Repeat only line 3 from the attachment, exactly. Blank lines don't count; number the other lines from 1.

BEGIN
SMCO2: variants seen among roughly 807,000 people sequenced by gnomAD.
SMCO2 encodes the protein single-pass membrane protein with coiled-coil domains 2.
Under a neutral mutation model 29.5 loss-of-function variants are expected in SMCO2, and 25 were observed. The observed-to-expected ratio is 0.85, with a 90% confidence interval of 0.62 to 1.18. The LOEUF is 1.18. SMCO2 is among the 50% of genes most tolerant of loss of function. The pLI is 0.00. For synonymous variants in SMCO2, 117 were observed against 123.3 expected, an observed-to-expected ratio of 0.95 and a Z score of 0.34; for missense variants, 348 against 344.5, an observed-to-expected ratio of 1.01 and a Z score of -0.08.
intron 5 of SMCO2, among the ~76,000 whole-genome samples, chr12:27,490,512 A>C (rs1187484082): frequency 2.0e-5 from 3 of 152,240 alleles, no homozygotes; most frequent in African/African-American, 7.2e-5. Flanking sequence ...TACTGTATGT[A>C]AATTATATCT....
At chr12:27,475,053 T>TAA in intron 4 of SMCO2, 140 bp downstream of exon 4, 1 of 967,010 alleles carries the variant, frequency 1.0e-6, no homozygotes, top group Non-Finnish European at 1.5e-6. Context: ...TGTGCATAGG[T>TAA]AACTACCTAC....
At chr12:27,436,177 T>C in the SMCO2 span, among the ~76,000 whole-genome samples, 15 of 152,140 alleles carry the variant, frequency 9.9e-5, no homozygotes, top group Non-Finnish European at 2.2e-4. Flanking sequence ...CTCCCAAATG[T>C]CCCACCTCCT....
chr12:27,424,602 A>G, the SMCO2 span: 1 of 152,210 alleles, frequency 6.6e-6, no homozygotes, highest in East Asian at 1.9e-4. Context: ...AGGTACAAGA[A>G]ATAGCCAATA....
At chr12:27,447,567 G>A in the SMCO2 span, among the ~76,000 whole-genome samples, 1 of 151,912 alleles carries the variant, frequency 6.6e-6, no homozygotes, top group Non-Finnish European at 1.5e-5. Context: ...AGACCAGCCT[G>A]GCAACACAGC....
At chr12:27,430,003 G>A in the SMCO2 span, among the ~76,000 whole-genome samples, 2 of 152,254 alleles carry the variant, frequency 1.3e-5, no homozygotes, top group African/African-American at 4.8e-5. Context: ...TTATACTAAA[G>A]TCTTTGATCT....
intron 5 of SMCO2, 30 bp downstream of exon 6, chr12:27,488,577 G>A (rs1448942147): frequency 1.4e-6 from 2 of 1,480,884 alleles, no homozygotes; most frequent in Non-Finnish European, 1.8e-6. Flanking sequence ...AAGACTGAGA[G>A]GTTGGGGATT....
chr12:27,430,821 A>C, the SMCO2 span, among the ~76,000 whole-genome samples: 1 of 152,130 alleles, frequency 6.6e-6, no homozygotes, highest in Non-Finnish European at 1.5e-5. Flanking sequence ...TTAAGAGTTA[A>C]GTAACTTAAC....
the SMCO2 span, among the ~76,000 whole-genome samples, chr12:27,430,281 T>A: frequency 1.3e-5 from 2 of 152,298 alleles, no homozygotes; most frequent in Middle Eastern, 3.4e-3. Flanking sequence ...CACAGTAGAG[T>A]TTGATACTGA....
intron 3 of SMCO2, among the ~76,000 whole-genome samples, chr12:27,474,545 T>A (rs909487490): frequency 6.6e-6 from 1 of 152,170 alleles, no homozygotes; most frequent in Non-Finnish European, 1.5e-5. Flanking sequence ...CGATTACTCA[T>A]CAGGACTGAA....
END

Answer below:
Under a neutral mutation model 29.5 loss-of-function variants are expected in SMCO2, and 25 were observed. The observed-to-expected ratio is 0.85, with a 90% confidence interval of 0.62 to 1.18. The LOEUF is 1.18. SMCO2 is among the 50% of genes most tolerant of loss of function. The pLI is 0.00. For synonymous variants in SMCO2, 117 were observed against 123.3 expected, an observed-to-expected ratio of 0.95 and a Z score of 0.34; for missense variants, 348 against 344.5, an observed-to-expected ratio of 1.01 and a Z score of -0.08.